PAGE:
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Road Trip

   

      “We will not apologize for our way of life….”

     This unfortunate phrase from President Obama’s otherwise sturdy
inaugural address, echoed through my mind last week as I cruised the
suburban outlands of Montgomery, Alabama. All the usual commercial
furnishings of consumerist America hugged the flattish ochre and
dusty-green landscape of played-out cotton fields where thirty feet of
topsoil has washed away in the two hundred years since the mainly
English settlers shoved out the native Alabamu, Coosa, and Tallapoosa.
Along the low horizon, mall followed strip mall followed “lifestyle
center,” book-ending the “one house” failed subdivisions of otherwise
empty unsold lots in a cavalcade of floundering enterprise. It seemed
at times as if the terrain was a kind of sea-like expanse, and all the
retail boxes ghost ships drifting to oblivion.
     They say that the banks have stopped calling in their loans on the
commercial real estate, even though the owners of the malls and strip
malls have arrived firmly in default. Calling in the loans would only
pin another horrifying liability on the banks’ balance sheets. So all
parties join in a game of “pretend,” that nothing has really happened
to the fundamental equations of business life. Something similar goes
on at the next level down, where the tenants of the malls and strip
malls sink deeper into rent arrears every month, and the eviction
process is simply postponed, while the stores themselves put off paying
their vendors and suppliers – as the whole system, the whole way of
life, enters upon a circle-jerk of mutual denial in a last desperate
effort to forestall the mandates of reality .
     How long will these games go on? This is the primary question that
haunts the republic as we wait for new TARPS, and “bad banks,” economic
stimulus packages, infrastructure renewal roll-outs, and other policy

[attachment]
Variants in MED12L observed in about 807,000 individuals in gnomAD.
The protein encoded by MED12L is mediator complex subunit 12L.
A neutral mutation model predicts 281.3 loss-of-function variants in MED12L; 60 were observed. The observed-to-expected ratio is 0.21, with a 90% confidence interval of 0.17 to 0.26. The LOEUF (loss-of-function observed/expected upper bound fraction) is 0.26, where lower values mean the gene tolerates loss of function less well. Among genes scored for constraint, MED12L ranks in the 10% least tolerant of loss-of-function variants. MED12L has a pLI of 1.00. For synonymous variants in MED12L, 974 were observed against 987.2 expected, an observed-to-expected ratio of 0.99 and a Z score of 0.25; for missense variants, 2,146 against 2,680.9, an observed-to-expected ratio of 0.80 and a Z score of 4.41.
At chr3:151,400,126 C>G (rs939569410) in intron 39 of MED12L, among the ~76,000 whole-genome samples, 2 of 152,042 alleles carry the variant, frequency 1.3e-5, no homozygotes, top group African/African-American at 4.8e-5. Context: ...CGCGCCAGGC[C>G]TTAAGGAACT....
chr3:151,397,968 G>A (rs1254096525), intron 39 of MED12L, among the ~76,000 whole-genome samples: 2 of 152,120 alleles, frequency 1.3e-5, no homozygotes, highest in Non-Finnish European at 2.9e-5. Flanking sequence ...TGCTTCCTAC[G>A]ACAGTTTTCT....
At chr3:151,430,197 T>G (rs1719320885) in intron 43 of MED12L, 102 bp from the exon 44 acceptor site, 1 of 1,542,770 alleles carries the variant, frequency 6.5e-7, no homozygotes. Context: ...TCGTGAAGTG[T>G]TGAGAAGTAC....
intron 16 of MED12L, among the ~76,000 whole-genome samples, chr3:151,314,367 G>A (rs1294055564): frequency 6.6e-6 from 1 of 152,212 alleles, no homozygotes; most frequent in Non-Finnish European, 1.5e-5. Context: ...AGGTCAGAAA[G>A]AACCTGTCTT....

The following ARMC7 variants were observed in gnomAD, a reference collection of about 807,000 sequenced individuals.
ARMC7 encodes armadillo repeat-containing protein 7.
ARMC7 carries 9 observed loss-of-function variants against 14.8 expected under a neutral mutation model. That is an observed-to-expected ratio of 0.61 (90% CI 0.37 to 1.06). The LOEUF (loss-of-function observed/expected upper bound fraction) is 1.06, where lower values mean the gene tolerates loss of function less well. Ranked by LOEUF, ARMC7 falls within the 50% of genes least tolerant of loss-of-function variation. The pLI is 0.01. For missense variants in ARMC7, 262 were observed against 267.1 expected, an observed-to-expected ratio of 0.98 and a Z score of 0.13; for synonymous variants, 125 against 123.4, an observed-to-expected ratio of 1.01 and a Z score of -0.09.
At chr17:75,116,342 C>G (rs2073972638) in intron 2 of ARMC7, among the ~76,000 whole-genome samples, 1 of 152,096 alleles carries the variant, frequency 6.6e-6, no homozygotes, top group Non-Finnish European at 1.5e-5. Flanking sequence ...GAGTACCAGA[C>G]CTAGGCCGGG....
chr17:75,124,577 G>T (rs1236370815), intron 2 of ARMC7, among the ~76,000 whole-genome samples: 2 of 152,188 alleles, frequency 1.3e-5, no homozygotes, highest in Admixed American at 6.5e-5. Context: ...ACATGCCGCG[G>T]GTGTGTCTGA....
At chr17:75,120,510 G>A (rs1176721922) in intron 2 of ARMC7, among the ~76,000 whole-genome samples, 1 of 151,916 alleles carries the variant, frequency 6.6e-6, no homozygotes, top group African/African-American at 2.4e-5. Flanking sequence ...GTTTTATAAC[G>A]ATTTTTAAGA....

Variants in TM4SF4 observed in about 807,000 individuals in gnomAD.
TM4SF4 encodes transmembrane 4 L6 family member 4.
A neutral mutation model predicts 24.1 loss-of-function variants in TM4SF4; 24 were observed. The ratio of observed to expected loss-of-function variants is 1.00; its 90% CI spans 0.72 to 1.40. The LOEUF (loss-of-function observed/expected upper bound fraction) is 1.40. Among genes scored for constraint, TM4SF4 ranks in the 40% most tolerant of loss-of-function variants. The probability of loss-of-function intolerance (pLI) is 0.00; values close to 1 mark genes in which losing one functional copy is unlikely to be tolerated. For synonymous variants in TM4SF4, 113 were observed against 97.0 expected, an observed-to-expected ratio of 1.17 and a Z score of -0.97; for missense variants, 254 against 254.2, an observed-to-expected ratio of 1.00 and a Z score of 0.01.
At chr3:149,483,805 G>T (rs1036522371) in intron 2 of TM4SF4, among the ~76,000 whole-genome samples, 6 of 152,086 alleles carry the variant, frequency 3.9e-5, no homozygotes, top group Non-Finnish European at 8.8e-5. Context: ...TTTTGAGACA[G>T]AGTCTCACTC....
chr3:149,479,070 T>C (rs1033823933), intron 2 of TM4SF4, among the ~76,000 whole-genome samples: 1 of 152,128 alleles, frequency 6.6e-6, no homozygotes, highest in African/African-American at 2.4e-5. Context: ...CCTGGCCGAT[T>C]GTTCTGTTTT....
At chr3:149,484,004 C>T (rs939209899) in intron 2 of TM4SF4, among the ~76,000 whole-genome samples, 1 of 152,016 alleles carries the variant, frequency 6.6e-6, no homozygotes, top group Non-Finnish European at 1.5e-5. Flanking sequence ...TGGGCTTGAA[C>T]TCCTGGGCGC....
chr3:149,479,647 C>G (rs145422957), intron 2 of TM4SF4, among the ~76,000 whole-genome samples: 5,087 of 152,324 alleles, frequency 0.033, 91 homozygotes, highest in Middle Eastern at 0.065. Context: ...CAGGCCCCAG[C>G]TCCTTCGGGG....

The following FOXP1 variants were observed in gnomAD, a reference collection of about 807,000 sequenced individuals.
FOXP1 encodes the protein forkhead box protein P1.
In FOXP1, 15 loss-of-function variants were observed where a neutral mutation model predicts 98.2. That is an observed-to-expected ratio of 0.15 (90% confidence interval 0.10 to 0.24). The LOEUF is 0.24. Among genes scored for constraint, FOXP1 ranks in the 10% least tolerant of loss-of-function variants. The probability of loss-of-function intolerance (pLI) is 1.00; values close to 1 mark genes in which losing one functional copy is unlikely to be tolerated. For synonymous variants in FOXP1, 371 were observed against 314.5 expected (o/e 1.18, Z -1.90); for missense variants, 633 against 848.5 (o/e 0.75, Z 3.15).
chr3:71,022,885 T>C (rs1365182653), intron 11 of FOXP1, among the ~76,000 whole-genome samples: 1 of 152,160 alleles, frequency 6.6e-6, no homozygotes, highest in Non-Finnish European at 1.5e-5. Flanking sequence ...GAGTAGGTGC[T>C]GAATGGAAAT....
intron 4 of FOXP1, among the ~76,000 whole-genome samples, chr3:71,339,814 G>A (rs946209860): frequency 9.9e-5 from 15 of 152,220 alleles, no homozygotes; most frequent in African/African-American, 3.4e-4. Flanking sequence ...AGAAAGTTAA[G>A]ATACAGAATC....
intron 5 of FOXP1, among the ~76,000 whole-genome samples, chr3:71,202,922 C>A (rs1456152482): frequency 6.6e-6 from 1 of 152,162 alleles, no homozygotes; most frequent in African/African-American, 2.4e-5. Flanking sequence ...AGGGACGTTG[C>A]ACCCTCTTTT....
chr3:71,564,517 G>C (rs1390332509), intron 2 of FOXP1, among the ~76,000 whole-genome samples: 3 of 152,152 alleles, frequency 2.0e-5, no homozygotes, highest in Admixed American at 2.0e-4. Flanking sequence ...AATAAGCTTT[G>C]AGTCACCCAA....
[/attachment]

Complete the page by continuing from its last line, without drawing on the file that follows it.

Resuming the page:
life-lines thrown out in guarded hopefulness to haul America out of a
ditch.
      The center of Montgomery was instructive, too. Not unlike any
other city in the USA (pop. about 200,000), the former main artery of
downtown commerce – Dexter Avenue, rolling out like a red carpet below
the state capitol hill, where Martin Luther King’s early career kicked
off in a modest red brick church, and where Rosa Parks famously refused
to move to the back of her bus – this “main street” presented a sad
sequence of empty shopfronts interrupted here and there by rather
creepy amateur murals depicting the cruelties of slavery, as if a
remonstrance to the politicos up the hill. Most of the buildings lining
the avenue still stood burdened by the clownish facade re-doos and
ghastly claddings of the 1950s, which had replaced the ordered
classical-vernacular decorum of the original 19th century frontages.
Once the malls had landed in the old cotton fields, and MLK moved on to
Atlanta, Dexter Avenue was just left to rot in the memory trunk.
        Here and there around the rest of the downtown, other weird
experiments in American post-war anti-urbanism presented themselves,
most notably a “building” designed to look like a small-scaled Death
Star, all black reflective glass, canted concrete and steel walls –
which turned out to belong to Morris Dees’ renowned Southern Poverty
Law Center — deployed directly across the street from the modest white
clapboard-with-green-shutters house once occupied by Jefferson Davis
after Richmond fell and the Confederate leadership skeedaddled further
south. There were a few recently-built government towers that looked
like Nascar trophies. But the rest of the downtown – the parts not
dedicated to surface parking – was the ubiquitous array of muffler
shops, or restaurants and churches that looked like muffler shops.
     With the city center thus nearly dead, and the asteroid belt of
malls and strips on their knees financially, this emblematic sunbelt
metro area finds itself in a pickle. Cotton being well-past decline,
and having wrecked the soil, the “new” economy of recent decades
dedicated itself to building car-dependent air-conditioned suburban
sprawl – the perceived perfect antidote to a previous economic order
based on serfdom, hook-worm, and inescapable heat. That now-not-so-new
economy of sprawl, in turn, has come to a screeching halt, as a cruel
destiny threw sand in the mechanisms of reliably cheap oil and
revolving credit, and the gears seized up. A mood of ominous watching
and waiting pervaded the city, but many of the movers-and-shakers had
pinned their hopes on the chance that Mr. Obama’s stimulus bill would
allow them to commence building a new freeway to the ocean on the